Use of alfentanil, sufentanil and fentanyl in dogs anesthetized with halothane

Opioid analgesics promote intense analgesia allowing reduction of the concentration of the inhalation anesthetics what minimizes the cardiovascular depression that occurs during anesthesia. Many opioid agents are used during anesthesia. Fentanil, alfentanil and sufentanil are among the most potent agents being preferentially used transoperatively. In the present study, the cardiovascular action of this three agents were compared during inhalation anesthesia in dogs submitted to orthopedic procedures, as well as the possibility of maintenance of anesthesia with halothane in low concentrations. Three groups of ten animals were employed in the experiment. After anesthesia stabilization, animals of group I received intravenously (IV) 5µg/kg of fentanil, animals of group II 1µg/kg of sufentanil IV and animals of group III 25µg/kg of alfentanil IV. Cardiovascular and respiratory parameters were evaluated in various time points. Data were statistically analyzed by means of analyses of variance for repeated measures followed by the Dunnett and Bonferoni post tests.All three agents caused bradicardia during the observation period but only alfentanil promoted significant hypotension. Only one animal that received fentanil showed increase of blood pressure and heart rate simultaneously during anesthesia. At recovery more animals treated with alfentanil showed signs of excitation. With the results obtained the authors could conclude that the use of opioids during anesthesia yield the use of low concentrations of halothane, what contributes with blood pressure maintenance. Among the agents utilized alfentanil promotes more pronounced cardiovascular effects.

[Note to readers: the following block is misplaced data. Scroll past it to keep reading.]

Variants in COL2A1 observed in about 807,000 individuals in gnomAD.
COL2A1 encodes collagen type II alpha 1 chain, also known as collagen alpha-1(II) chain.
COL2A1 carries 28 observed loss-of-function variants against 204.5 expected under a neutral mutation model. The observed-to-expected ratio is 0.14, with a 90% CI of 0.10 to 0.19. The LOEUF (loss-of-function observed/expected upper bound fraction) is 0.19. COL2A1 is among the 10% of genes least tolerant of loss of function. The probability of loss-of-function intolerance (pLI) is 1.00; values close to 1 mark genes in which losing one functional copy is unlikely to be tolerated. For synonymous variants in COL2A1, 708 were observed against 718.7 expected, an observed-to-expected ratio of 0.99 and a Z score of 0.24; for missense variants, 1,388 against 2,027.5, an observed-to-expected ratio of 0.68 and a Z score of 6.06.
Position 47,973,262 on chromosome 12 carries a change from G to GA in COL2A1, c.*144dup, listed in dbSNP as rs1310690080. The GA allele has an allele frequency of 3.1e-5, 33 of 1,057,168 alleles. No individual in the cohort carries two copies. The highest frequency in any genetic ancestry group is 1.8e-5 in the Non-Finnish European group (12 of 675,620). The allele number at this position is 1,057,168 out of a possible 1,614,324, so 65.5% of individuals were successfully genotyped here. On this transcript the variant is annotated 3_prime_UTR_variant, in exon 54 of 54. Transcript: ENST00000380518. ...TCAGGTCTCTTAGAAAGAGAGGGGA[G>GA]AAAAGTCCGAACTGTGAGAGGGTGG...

fentanil; alfentanil; sufentanil; dog; halothane


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